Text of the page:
A little known secret about bankruptcy in Washington is that you can get most of the benefits of a bankruptcy discharge even if your spouse filed and you don’t. This is so because of Section 523(a)(5) of the bankruptcy code, a little known provision that applies to a bankruptcy discharge in a community property state. So the provision is helpful in Washington, but not in Oregon.
Spouses aren’t required to file bankruptcy together. They can file together, but they don’t have to. But even if only one spouse files, all of the community property of the couple is regarded as property of the bankruptcy estate. Of course in Washington, this ultimately rarely matters because the available exemptions which can be used to protect personal or real property are extremely strong.
The upshot is that the community property of the filing and non-filing spouse are at least theoretically at risk in bankruptcy, the reality is that in practice this is almost the case. In fact, if it were the case, you would probably not be filing Chapter 7.
So what happens is that there is a tradeoff: For almost no practical risk during the bankruptcy, you get a big benefit at the end. The community property gets a bankruptcy discharge. What does this mean?
The discharge doesn’t just protect the property that the couple owned when one spouse filed bankruptcy from creditors, it protects all the community property that they acquire in the future. Where this really comes into play is with post-bankruptcy wages.
You would think that if a creditor waited for the filing spouse’s bankruptcy to come to a close, it could then take the judgment that it had against the non-filing spouse and start garnishing away. But it can’t, the wages are community property as long as the filing and non-filing spouse remain married.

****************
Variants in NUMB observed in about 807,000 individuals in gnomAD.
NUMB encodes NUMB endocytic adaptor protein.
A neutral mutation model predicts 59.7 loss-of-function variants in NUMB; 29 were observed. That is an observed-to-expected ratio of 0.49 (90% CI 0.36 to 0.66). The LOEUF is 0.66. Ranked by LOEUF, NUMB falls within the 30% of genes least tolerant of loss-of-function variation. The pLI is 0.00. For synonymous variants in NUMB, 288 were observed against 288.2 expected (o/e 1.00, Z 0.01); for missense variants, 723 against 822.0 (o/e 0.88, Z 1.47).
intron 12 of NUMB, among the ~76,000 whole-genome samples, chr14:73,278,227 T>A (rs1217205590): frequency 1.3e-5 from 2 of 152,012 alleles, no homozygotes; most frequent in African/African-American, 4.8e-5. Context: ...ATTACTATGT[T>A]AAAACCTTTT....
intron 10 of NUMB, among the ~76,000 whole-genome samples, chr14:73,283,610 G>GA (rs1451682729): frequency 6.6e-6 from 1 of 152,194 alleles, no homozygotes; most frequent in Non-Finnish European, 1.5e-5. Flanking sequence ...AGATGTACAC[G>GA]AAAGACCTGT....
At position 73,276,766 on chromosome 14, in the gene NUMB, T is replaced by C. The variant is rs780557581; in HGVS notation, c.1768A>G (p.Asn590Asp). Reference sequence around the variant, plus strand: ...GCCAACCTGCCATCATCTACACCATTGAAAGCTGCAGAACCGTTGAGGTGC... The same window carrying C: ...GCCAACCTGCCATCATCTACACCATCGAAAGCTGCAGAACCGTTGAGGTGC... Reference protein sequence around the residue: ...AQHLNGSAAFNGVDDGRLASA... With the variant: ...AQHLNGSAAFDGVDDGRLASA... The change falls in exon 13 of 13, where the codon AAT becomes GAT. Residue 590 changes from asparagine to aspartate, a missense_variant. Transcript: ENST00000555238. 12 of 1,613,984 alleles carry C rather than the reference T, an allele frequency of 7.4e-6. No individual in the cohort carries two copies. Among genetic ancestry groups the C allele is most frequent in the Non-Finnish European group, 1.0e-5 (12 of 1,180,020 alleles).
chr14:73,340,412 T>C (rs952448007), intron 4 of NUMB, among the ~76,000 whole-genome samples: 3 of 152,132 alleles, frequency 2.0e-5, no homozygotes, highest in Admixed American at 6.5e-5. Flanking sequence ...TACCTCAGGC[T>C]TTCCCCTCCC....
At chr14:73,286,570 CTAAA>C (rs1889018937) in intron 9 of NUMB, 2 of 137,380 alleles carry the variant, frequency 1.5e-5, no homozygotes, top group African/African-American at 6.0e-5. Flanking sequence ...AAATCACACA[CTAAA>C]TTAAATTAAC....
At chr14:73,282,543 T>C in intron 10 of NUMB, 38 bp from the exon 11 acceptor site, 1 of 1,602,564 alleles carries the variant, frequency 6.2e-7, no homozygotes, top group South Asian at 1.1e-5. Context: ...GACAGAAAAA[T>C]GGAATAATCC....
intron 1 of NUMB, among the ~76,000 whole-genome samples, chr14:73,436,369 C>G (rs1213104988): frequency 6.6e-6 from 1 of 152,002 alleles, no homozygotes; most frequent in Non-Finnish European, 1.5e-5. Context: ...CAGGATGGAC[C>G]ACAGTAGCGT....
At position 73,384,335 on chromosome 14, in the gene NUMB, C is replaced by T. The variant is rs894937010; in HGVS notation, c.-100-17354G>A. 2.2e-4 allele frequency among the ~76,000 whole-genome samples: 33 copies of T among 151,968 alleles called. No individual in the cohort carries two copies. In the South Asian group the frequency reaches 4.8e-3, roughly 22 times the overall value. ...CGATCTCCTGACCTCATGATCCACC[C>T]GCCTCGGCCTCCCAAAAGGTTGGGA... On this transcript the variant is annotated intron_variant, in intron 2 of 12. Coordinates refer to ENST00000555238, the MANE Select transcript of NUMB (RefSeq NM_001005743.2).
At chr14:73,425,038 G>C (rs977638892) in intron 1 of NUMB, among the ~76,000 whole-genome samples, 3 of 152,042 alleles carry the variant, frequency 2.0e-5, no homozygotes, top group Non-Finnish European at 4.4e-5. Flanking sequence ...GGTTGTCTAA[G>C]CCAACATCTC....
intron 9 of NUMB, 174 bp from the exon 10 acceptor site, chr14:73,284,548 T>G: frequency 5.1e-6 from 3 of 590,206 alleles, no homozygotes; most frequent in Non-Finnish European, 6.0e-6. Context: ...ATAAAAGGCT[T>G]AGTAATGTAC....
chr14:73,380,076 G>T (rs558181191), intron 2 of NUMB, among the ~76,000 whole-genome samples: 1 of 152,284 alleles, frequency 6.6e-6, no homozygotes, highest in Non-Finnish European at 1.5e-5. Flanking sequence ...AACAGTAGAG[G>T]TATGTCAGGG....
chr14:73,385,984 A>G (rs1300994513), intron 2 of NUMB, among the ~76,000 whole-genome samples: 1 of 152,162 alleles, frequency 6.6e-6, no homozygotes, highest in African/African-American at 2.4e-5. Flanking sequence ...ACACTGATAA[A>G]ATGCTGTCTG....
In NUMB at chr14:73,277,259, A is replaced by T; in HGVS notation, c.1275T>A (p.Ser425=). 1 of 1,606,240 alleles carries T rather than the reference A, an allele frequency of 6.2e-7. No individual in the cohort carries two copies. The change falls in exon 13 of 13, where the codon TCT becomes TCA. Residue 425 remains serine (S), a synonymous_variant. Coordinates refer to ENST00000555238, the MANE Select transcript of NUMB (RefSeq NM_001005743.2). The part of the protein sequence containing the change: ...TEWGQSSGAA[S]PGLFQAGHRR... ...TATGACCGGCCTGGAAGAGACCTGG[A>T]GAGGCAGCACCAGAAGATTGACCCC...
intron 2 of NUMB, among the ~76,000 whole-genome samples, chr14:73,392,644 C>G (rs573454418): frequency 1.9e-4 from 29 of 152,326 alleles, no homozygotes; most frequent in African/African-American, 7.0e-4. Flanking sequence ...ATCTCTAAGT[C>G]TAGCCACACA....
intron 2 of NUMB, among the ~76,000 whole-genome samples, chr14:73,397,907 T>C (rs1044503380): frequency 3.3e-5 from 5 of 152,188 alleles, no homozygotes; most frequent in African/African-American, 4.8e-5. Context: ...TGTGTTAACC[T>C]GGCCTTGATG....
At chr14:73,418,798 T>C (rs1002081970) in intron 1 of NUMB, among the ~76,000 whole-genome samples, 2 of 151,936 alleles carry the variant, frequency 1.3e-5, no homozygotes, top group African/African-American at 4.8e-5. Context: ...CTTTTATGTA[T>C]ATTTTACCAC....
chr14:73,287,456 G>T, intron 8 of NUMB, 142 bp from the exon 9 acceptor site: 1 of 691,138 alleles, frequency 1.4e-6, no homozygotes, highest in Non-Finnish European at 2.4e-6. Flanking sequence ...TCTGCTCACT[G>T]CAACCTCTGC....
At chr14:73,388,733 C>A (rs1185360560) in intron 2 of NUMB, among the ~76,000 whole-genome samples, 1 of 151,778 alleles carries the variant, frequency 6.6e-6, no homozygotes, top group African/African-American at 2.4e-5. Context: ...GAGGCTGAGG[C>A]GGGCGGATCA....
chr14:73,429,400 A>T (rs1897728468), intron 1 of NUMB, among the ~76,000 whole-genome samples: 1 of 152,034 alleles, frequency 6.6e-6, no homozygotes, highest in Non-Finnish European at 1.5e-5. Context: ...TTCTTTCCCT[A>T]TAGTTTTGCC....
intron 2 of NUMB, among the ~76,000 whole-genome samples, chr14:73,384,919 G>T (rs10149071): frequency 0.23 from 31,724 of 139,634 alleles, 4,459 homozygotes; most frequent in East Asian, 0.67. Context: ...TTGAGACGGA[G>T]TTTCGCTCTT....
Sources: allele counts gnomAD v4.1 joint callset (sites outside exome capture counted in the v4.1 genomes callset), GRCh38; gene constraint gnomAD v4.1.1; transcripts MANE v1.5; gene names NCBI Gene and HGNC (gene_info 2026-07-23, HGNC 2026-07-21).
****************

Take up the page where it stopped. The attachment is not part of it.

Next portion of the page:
This impacts any creditor that had claims against the community property when the bankruptcy was filed. Not just creditors of the debtor, the person who filed bankruptcy. The creditor’s claim could be one against the non-filing spouse, and the discharge protects the non-filer’s community property.
After the bankruptcy discharge for the filing spouse, a creditor of the non-filing spouse can really only enforce its debt against the separate property of the non-filing spouse such as property acquired before marriage, or obtained by gift or inheritance to the non-filing spouse during the marriage.
Now this doesn’t bar a creditor from suing a non-filing spouse after discharge but it does severely limit the assets that can be seized from a non-filing spouse. The upshot is that if you are married and considering filing bankruptcy in the state of Washington and one of you wants to file and the other really doesn’t, the non-filer among you may be safer than you think.
Please feel free to set an appointment at one of our bankruptcy law offices in Portland, Vancouver, Seattle or Seattle if you have any questions about how you can use the bankruptcy protections for the non-filing spouse to your advantage in Washington. You can see us in Salem and Sandy as well, but I am guessing that if that’s the office that is convenient to you, this community property stuff is probably not-particularly helpful to you. Please also feel free to set a phone or video appointment with me if you have any bankruptcy questions at all.